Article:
Yes, it’s a very good thing that the House of Representatives has voted for a Republican as Speaker Of The House. And Yes, most Republican voters wanted Kevin McCarthy (R-CA) to lead the House, but it might not be as many as you think.
An Economist-YouGov poll released Thursday showed that only 59 percent of Republicans approve of McCarthy being elected speaker, while 21 percent disapprove and 20 percent are not sure. The fact that only 60% applauded McCarthy’s promotion to Speaker sends a very strong message to House Republicans that we’re watching you.
If McCarthy doesn’t do exactly what he promised members of the Freedom Caucus, who made the California Rep. sweat through 15 rounds of speaker votes, then there’s a very good chance he won’t survive another round of gavel votes if Republicans win the majority again in 2024. This is what the numbers tell me at least. 40% is a big number of people who don’t care for the speakership results and should be a clear indication to McCarthy that he has very little wiggle room to screw this up.
Though McCarthy only recently became Speaker of the House, 42% of Republicans approve of how he’s handled the position so far. Just one in eight (12%) disapprove of how he’s handling the role, and 46% are unsure. The poll did however show a comfortable plurality of Republicans approved of McCarthy’s performance as minority leader throughout the Biden administration while he held that role.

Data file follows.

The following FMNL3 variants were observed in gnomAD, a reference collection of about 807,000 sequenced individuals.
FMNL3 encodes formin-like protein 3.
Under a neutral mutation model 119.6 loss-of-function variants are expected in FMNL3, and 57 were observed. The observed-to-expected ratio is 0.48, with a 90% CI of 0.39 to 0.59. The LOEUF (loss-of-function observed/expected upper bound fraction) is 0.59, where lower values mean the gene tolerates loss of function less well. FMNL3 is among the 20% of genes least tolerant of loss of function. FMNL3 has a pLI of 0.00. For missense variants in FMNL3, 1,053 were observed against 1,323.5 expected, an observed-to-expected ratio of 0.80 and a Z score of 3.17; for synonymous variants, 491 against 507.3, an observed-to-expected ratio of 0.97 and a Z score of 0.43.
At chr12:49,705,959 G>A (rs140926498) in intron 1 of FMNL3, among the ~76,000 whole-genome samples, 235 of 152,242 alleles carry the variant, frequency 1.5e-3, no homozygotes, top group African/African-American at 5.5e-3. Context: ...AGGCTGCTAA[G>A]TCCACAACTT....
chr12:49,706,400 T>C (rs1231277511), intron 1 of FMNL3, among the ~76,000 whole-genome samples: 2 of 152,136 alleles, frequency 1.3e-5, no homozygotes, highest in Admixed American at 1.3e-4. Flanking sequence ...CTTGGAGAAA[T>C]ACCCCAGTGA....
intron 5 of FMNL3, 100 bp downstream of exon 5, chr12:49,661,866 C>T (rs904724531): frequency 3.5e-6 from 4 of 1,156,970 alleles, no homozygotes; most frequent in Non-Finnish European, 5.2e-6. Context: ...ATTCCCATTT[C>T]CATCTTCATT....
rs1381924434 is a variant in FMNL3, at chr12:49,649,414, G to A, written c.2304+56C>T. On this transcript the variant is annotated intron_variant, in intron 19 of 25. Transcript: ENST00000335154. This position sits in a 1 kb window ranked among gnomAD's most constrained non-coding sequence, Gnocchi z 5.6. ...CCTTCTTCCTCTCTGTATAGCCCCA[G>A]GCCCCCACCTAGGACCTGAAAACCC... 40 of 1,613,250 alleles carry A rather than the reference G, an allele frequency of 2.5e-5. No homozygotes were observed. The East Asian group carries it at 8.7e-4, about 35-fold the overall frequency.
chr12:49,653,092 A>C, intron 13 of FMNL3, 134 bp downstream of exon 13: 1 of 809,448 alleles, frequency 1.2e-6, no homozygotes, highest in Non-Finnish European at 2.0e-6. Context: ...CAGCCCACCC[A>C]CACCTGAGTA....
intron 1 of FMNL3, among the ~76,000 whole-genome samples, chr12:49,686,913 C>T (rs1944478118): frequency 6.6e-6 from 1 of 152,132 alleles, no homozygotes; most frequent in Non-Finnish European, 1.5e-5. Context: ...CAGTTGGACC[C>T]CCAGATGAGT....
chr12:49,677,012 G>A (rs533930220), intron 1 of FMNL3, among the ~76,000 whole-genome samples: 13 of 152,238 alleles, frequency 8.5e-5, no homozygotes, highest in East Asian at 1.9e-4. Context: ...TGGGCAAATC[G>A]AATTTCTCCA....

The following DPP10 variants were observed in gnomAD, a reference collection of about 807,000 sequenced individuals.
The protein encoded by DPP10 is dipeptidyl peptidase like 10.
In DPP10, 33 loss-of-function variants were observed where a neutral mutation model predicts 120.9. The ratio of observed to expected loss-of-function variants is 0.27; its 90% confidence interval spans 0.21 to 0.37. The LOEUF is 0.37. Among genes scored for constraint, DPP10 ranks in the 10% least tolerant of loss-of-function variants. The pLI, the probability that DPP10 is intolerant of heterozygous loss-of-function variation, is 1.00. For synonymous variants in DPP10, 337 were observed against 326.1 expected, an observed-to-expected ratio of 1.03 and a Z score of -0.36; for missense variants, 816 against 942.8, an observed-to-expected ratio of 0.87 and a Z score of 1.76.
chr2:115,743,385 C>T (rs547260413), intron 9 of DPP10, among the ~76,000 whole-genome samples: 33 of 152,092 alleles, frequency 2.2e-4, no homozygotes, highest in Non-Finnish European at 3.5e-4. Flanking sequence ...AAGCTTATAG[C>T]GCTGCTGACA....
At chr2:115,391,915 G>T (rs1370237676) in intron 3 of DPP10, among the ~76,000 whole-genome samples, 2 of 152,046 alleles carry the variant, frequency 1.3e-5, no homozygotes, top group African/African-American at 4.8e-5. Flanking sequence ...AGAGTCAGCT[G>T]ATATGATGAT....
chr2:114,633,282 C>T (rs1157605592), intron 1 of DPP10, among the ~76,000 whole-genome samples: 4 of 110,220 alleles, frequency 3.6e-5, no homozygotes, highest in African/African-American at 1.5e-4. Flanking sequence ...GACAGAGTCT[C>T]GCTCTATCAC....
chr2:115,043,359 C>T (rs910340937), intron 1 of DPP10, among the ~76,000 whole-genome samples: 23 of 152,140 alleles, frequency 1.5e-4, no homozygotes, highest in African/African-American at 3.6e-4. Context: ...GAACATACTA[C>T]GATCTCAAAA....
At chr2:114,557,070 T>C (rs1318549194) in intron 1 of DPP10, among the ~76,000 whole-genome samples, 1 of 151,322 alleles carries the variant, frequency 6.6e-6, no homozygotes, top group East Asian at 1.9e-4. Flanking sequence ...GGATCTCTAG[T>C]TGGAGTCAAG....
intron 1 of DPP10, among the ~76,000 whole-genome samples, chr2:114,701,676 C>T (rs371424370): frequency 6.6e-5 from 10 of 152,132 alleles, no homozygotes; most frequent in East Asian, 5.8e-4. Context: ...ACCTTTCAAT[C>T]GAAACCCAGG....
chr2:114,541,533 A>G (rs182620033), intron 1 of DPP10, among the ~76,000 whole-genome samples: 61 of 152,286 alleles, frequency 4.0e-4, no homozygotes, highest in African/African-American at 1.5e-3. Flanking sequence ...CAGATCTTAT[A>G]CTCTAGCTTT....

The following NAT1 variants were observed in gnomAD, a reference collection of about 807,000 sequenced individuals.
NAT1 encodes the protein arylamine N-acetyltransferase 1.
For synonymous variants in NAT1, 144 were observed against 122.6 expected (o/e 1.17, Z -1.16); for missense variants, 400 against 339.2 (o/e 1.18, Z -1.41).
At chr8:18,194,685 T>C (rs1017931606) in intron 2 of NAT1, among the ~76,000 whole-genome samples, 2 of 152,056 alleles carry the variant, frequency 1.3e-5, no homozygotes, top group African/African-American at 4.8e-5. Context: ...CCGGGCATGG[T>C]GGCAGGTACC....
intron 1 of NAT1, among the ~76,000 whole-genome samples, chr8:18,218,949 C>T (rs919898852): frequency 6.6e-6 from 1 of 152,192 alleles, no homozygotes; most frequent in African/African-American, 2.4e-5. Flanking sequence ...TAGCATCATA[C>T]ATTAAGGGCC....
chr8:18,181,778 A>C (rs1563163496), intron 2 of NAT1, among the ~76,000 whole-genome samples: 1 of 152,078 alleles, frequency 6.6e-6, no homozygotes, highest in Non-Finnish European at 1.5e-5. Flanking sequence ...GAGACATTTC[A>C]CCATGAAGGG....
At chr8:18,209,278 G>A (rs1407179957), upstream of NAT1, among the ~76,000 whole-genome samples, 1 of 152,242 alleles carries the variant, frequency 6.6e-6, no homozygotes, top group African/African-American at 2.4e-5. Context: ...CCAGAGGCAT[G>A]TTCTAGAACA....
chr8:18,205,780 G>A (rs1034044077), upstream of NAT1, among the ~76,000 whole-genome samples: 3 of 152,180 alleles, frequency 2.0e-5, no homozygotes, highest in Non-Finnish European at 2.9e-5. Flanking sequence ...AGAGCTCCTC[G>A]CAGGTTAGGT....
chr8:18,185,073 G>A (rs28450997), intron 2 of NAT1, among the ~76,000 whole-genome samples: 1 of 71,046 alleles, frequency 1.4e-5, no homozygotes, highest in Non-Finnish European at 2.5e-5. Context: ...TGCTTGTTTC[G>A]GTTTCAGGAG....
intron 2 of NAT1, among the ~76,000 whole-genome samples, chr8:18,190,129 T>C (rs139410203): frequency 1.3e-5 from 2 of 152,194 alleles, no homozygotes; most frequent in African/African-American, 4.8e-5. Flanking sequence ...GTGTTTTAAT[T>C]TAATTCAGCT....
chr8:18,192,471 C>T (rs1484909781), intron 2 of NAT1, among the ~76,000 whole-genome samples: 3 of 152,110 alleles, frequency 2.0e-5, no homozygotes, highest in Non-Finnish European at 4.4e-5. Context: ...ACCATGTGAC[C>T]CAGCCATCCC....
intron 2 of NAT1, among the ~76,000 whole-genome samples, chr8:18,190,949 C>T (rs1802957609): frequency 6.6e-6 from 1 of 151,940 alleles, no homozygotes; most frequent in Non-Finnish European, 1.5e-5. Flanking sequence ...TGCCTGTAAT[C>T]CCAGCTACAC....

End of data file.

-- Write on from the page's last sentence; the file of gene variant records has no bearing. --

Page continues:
Republicans are much more optimistic about McCarthy’s ability to be an effective speaker than Democrats or independents. Pollsters found 44 percent of Republicans expect him to be effective in his position, while only 19 percent of Democrats and 15 percent of independents said the same. But are we surprised that only 19% of Dems approve of McCarthy? The Democrats could have run a glass of orange juice for Speaker and still would have been happier with the outcome over Kevin McCarthy.
McCarthy had the backing of most of the Republican Conference throughout the 15-vote battle, the longest since the Civil War, but 20 members held out their support, denying him victory throughout most of the votes. They eventually either voted for him or voted “present,” abstaining to allow him to clinch the win with a lower threshold to reach a majority of votes after agreeing to multiple concessions to win over their support, including allowing for a single member of the Republican Conference to make a motion to remove the speaker from their position.
The poll was conducted from Jan. 7th to 10th among 1,500 U.S. adults. The margin of error was about 3 points.